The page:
"The real winner is the Palestinian state," French Foreign Minister Bernard Kouchner told AFP as he announced that a total of 7.4 billion dollars (5.15 billion euros) had been promised.
The pledges were made at a one-day conference convened to agree a package of aid to stabilise the Palestinian economy and shore up the peace process with Israel -- jumpstarted in the US city of Annapolis last month.
"We see this conference as an important vote of confidence on the part of the international community," Fayyad said as the conference wrapped up.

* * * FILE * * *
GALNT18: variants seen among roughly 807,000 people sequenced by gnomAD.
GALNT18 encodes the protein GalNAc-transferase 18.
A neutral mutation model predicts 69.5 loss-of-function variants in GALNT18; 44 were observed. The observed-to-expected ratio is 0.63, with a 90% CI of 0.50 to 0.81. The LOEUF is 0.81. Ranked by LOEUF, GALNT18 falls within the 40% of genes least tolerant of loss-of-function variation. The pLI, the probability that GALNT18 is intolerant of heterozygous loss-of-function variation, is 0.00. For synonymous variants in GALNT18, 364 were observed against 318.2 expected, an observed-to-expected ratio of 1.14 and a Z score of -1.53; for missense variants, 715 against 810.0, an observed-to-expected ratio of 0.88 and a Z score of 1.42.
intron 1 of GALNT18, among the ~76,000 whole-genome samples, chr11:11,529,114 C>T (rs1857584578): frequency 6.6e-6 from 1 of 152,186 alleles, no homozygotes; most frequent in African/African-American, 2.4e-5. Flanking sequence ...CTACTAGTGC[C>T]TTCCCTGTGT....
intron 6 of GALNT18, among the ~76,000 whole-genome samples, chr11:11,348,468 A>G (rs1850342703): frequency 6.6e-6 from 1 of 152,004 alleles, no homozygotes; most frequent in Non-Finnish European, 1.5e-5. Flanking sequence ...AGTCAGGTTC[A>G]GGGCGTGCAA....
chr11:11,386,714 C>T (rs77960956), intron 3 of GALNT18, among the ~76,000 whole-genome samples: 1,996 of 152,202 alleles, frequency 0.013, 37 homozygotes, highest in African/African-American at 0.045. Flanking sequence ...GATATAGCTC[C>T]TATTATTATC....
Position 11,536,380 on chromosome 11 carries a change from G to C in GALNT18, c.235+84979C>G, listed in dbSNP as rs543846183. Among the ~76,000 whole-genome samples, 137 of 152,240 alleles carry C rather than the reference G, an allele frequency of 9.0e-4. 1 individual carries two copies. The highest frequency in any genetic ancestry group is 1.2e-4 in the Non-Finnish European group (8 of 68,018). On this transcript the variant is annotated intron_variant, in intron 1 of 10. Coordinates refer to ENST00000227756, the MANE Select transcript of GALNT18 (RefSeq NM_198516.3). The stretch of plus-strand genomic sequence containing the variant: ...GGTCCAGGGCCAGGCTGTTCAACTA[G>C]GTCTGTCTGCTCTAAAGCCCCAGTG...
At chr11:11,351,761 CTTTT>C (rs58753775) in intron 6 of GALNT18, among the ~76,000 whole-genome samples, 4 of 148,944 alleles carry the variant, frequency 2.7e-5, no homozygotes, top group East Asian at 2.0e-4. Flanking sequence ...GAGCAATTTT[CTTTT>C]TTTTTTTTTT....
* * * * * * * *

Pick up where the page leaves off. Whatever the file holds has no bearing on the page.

But Islamist group Hamas, which seized control of the Gaza Strip in June and was not invited to Paris or the Annapolis meeting, labelled it a "dangerous conspiracy" aimed at dividing the Palestinians.
"We support all forms of aid, financial or otherwise, to the Palestinian people. But the Paris conference is coating poison with honey and is a dangerous conspiracy," Hamas spokesman Fawzi Barhum said in a statement released in Gaza.
Some humanitarian groups questioned the benefit of such a massive aid package.
In London, the development charity Oxfam warned donors were pouring cash "into a leaking bucket", arguing that aid efforts already in place were being seriously hampered by Israeli restrictions on movement.
"The challenge is to fix the leak, not pour faster... Due to Israel's movement restrictions and the blockade of Gaza, millions of dollars of aid for Palestinians are being lost," Oxfam's Middle East director Adam Leach said.